Throw in the fact that in his last full start this season, while he was competing with knee and Achilles injuries that occurred on the 17th hole during Round 3 of the Masters, he still finished T-4 at that event, and suddenly optimism begins to pervade next week’s scenario.

Maybe he’s not as far from success as most people seem to think. Maybe his recent injuries – not emotional issues, personal problems or even technical faults with his swing – have been the only thing holding him back.

Then again, maybe he’ll repeat last year’s performance at Firestone.

Forget those seven titles in Akron. The most recent memory of Woods at this event is the four-day total of 18 over par that left him in a share of 78th place in the 80-man field. He couldn’t hit a fairway, couldn’t find a green and couldn’t hole a putt outside the leather. Coming off this recent absence, it’s not out of the realm of possibility to expect a repeat of such futility next week. 

And therein lies the current most intriguing subplot to the long-running Tiger Woods saga. Whereas we used to ask questions such as, “Are you picking Tiger or the field?” and “By how many strokes do you think Woods will win this week?” he has transformed from the World’s Greatest to the Great Unknown.

You could gaze into your crystal golf ball and tell me that Woods will open with a 62 next week en route to an easy victory and I’d believe you. You could read some “tee” leaves and contend that last year’s debacle was triumphant compared to what will occur this time and I’d believe that, too.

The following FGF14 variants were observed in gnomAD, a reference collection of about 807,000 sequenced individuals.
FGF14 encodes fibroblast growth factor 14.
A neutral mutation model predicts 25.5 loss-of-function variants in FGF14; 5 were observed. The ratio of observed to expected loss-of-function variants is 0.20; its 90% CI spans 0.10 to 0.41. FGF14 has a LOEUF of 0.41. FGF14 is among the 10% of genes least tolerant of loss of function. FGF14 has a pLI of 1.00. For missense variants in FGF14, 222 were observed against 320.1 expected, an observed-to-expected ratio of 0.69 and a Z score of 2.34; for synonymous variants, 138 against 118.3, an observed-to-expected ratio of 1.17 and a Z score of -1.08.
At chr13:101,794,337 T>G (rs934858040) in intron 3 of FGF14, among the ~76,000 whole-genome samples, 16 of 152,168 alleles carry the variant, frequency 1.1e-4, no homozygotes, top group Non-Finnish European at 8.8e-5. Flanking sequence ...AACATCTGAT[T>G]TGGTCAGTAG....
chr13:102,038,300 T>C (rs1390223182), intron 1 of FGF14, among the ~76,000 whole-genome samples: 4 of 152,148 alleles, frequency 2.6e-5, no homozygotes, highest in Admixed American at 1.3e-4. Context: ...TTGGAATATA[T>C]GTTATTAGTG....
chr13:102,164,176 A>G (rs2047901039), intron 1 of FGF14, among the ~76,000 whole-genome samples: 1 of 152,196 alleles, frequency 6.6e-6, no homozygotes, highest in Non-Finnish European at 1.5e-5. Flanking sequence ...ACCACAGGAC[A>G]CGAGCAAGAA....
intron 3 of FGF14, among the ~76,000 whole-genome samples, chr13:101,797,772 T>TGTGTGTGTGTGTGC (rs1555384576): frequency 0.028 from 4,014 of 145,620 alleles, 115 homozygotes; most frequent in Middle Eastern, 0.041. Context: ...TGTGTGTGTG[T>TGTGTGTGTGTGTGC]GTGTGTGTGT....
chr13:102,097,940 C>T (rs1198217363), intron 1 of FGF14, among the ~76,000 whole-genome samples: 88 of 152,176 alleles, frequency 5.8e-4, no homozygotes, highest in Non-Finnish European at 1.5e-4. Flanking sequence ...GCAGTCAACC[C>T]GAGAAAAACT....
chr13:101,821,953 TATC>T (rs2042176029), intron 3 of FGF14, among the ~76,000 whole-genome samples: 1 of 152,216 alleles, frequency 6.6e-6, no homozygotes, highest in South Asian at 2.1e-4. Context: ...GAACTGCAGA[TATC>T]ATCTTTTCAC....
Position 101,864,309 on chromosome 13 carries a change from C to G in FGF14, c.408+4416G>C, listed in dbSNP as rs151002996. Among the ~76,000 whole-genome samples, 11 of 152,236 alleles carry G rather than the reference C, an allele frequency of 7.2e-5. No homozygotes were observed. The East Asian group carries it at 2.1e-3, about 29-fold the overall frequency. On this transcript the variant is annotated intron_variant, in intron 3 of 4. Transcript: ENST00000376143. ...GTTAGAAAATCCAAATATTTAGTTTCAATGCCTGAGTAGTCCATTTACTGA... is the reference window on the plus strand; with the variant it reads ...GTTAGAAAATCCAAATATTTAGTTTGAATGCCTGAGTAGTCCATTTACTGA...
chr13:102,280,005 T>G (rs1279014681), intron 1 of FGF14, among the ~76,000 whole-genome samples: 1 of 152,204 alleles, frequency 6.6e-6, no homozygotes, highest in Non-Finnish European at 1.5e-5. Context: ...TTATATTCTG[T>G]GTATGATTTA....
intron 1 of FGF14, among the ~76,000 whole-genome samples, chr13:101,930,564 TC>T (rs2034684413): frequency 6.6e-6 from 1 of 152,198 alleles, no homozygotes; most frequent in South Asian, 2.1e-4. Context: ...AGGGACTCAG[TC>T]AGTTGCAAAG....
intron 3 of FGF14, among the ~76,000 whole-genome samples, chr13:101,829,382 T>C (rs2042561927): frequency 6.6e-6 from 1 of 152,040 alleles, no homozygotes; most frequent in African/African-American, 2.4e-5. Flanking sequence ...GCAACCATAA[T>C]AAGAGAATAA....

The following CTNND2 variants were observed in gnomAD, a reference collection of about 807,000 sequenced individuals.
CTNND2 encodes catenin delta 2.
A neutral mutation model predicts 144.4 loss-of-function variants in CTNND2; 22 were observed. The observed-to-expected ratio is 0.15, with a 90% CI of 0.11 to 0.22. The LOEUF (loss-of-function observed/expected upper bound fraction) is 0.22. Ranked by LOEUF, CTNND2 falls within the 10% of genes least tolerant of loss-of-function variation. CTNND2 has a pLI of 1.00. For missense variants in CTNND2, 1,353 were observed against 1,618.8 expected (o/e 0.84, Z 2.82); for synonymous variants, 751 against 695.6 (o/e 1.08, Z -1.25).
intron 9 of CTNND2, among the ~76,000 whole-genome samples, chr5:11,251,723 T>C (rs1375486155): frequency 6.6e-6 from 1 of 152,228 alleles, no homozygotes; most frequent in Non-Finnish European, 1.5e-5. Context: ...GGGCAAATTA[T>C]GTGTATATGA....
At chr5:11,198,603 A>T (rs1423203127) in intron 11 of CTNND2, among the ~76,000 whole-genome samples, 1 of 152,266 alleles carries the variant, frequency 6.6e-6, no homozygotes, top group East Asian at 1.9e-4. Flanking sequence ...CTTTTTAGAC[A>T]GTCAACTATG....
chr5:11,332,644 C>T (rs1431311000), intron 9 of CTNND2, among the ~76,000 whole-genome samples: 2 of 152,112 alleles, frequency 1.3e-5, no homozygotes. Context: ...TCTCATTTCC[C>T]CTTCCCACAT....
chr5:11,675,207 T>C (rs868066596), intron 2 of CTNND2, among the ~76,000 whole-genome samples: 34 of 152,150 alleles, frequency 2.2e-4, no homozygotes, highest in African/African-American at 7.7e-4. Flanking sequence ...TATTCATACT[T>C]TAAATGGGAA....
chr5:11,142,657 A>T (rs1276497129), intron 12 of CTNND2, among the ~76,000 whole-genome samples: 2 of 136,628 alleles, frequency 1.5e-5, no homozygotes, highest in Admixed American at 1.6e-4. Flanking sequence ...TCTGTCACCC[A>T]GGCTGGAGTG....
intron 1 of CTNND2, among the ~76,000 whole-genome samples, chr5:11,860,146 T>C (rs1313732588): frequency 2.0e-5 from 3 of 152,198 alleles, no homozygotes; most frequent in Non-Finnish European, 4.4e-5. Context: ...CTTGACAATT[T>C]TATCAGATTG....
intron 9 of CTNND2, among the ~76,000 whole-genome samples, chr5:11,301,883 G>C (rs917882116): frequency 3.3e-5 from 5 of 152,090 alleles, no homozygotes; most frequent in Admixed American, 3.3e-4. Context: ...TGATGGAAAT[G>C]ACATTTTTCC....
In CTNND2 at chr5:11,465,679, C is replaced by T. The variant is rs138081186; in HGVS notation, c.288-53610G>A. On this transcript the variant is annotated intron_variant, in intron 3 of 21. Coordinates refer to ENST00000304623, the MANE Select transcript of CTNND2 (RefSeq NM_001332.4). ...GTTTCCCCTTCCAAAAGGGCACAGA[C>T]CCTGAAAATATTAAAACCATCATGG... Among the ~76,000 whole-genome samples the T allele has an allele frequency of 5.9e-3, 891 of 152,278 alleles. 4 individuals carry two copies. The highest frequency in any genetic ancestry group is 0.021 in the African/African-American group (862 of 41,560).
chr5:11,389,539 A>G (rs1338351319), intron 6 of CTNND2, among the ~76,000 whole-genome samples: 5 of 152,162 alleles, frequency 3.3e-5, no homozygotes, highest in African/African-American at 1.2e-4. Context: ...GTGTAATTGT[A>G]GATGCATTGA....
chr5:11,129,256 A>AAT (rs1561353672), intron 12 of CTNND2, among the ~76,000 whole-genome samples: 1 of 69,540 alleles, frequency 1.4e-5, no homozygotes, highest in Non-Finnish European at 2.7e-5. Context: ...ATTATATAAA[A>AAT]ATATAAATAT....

It’s because of this unsolved mystery that even those who swear they’re sick of the 24/7 coverage on Tiger will continue to watch his every move. He may be on the verge of returning to glory or he could be continuing a downward spiral toward mediocrity.

I don’t have the answer and I’m done trying to guess. But hey, at least I’m one heck of a three-card Monte player.

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Perez skips Torrey, 'upset' with Ryder Cup standings

By Will GrayJanuary 24, 2018, 2:19 am

Pat Perez is unhappy about his standing on the U.S. Ryder Cup points list, and his situation won't improve this week.

Perez won the CIMB Classic during the fall portion of this season, and he followed that with a T-5 finish at the inaugural CJ Cup. But he didn't receive any Ryder Cup points for either result because of a rule enacted by the American task force prior to the 2014 Ryder Cup which only awards points during the calendar year of the biennial matches as well as select events like majors and WGCs during the prior year.

As a result, Perez is currently 17th in the American points race - behind players like Patrick Reed, Zach Johnson, Bill Haas and James Hahn, none of whom have won a tournament since the 2016 Ryder Cup - as he looks to make a U.S. squad for the first time at age 42.